When & How to Ask for a Raise
Last updated August 21, 2023
So you’ve been at your job for a while now. You get along well with your boss and coworkers, you excel in your role, and you’re ready to take on new challenges and responsibilities. If this is the case, it’s time to ask for a raise! Asking for a raise takes preparation and confidence; it sounds intimidating, but can go a long way in your professional journey! Here are some tips for knowing when - and how - to ask for a raise!
When to ask for a raise
After a promotion
This is a simple one. If your responsibilities increase, so should your pay! Not quite sure how to get a promotion? Check out our 5 tips!
After accomplishing something big
When you accomplish something at work, like making a sale, getting positive feedback from a customer, or completing a big project, be sure to keep a record of it! This is a good opportunity to ask for a raise.
At a milestone
The timeframe for getting a raise will vary depending on what company you work at, and how long you’ve worked there. Some companies offer raises at 6 months, and others at 1 year. Once you reach a milestone like this with your company, you may be due for a raise. Check your company’s employee handbook to learn more.
How to ask for a raise
To ask for a raise, you’ll most likely need to schedule a meeting in advance with your boss or manager. If you can have the meeting in person- even better! Here’s how to prepare to ask for a raise.
Do your research
Set aside some time before you meet with your boss to research what people in your position usually make across different companies, as well as what the average pay is for your role at your specific company. Knowing this information can ensure that you are receiving fair pay. To find this information, you can reference your employee handbook.
Prepare proof of achievements
Document your achievements at work to present to your boss or supervisor when you ask for a raise. We recommend creating a work journal or document that outlines the projects you managed, the number of customers you helped, and any education or training you completed that helped you be better at work that helped improve the company. If you can tie your achievements to the overall goals of your company, even better! Show you understand the big picture and how you fit into it. Not only will having documentation of these successes help you when asking for a raise, it will also come in handy when it’s time for your performance review!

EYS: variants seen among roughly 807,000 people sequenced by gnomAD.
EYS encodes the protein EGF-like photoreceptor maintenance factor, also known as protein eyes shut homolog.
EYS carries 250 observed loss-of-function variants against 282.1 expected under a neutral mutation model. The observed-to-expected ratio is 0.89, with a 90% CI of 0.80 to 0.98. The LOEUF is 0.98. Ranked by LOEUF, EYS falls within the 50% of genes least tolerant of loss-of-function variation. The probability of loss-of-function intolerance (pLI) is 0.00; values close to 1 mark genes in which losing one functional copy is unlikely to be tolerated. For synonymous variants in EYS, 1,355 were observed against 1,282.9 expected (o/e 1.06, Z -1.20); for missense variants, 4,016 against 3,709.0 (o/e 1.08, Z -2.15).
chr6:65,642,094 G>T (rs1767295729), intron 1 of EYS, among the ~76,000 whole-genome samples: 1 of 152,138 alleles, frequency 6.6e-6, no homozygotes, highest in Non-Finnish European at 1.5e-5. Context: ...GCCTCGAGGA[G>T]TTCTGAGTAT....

Be open to negotiating
Entering your meeting being open to negotiating is key. Even if your company is unable to offer you a raise, they may be willing to offer you extra vacation days or other job perks instead. This may be disappointing, and does not replace an increase in your wages, but can be a meaningful compromise. If you do not receive a raise or any other job perks, be sure to ask your manager when a good time to have the conversation again would be. This shows you see yourself contributing to the team in the future and are invested in both yourself and the organization!
Plan your next steps
Regardless of whether or not you get the raise, this can be a great time to take a moment of reflection about your performance at work and how you can continue becoming a better employee. This is a great opportunity to ask your boss for feedback about your performance in your role. Remember, feedback is your friend!
Make sure you’re updating your resume as you go along in this job (and every job!) to ensure that you don’t forget all of the great things you’ve accomplished. Need some resume help? Send it to our job experts for free to get some feedback!
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